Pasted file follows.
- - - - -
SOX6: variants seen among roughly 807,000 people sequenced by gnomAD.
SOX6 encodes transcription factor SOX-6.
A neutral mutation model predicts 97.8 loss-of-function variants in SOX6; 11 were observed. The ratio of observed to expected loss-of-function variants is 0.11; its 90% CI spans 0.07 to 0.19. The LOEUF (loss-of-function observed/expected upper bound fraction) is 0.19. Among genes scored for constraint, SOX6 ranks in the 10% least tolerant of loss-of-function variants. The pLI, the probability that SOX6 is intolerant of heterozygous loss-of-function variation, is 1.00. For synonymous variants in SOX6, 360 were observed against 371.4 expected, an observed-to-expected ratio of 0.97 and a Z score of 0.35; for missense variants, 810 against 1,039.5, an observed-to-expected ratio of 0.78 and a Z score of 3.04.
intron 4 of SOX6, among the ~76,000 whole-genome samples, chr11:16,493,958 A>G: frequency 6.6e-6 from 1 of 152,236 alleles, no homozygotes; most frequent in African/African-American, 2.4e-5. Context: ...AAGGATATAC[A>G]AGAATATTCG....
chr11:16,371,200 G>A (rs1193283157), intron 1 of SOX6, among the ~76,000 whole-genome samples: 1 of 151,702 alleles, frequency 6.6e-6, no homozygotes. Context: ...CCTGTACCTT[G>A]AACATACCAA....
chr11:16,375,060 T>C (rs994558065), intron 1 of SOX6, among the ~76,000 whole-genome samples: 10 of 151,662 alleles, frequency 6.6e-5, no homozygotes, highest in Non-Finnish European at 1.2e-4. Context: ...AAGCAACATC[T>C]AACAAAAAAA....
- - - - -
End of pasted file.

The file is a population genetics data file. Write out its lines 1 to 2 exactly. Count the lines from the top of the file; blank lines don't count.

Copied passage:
SOX6: variants seen among roughly 807,000 people sequenced by gnomAD.
SOX6 encodes transcription factor SOX-6.